By Bejay Browne
NO solution is in sight for the ongoing problem of public access to the popular blue-flagged Coral Bay beach in Paphos that attracts thousands of visitors every year.
Access to the beach is currently across a piece of privately owned land which has been used as a car park in recent years. Owners, Leptos Developers, plans for a number of private villas and other structures to be built on the plot.
Peyia councillor, Linda Leblanc said that since 2014, Peyia has had an application lodged with planning in Nicosia, to establish public access across this piece of land.
A concerted effort by Peyia mayor, Marinos Lambrou and the local council have yet to see a solution to resolve long-standing issues at both the beach and the two kiosks (beach bars), she added.
“We really hoped to resolve the issue in a friendly manner so that all parties could move forwards but the municipality still doesn’t have proper access to the beach,” Leblanc told the Cyprus Mail.
The difficulty of access to Coral Bay beach is tied up with the long-standing issue of title deeds for hundreds of properties in the area, which are owned by Harbour Shore estates, a company acquired by Leptos around 18 years ago.
Last year George Leptos confirmed that the developers are permitted, by law, to create tourist villas and apartments on the piece of land and that infrastructure would complement the area. It could include, parking spaces, a café, a restaurant, locker rooms, a panoramic lift, changing rooms and shower rooms, he said.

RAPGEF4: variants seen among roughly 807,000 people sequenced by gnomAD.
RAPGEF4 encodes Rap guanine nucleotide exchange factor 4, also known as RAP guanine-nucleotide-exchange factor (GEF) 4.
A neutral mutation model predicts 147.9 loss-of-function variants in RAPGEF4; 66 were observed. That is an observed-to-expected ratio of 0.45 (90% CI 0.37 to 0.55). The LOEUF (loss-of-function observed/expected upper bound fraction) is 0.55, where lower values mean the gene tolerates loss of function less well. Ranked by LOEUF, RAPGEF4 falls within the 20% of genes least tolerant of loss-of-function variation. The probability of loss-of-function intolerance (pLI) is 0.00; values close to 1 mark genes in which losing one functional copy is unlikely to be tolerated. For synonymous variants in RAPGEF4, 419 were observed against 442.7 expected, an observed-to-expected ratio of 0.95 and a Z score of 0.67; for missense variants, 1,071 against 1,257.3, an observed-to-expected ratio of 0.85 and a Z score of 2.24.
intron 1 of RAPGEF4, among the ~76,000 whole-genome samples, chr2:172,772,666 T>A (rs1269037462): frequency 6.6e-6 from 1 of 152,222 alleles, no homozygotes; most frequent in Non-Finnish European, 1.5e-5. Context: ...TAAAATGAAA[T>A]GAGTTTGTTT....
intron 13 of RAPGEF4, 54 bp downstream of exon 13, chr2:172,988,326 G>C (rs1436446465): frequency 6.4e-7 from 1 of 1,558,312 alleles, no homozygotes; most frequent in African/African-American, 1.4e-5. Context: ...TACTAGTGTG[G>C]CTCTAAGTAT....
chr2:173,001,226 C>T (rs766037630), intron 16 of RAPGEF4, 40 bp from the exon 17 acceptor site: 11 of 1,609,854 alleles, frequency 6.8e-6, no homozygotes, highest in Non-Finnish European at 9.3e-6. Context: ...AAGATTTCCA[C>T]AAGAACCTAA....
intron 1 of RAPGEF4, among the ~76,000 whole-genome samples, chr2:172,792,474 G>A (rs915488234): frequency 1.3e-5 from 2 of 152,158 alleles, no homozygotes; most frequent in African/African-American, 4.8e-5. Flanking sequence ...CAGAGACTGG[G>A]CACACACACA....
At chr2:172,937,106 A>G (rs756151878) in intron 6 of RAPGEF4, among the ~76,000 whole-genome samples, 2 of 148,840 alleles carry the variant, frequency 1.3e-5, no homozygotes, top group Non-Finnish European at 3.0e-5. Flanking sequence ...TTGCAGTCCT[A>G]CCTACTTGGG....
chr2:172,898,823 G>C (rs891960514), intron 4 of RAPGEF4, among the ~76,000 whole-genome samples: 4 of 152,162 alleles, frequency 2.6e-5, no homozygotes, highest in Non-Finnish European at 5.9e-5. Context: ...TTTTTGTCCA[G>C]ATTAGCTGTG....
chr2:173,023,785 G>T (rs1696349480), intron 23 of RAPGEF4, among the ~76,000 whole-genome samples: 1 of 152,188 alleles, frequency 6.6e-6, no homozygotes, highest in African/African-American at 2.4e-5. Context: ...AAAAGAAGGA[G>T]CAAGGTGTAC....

Leptos want to create tidy, modern and contemporary facilities for beach goers, he noted.
Leblanc said that the matter, will again be discussed by the council imminently, as the summer season will get underway in a few weeks.
Last year Lambrou and all of the relevant authorities held intensive discussions and meetings, but no resolution was found. Leptos had said that that they wanted to operate the beach facilities for a five year term, renewable for a further five years, followed by a five year option.
Peyia is required to go to public tender for the kiosk-beach bar contracts, Leblanc said.
The councillor also noted that the municipality’s operation of the sunbeds and umbrellas, and the two kiosks, which were not operating at full capacity last year, brought in a net sum of 750,000 euros for the municipality.
“It’s understandable that the developer wants control of the kiosks as it generates a huge income,” she said.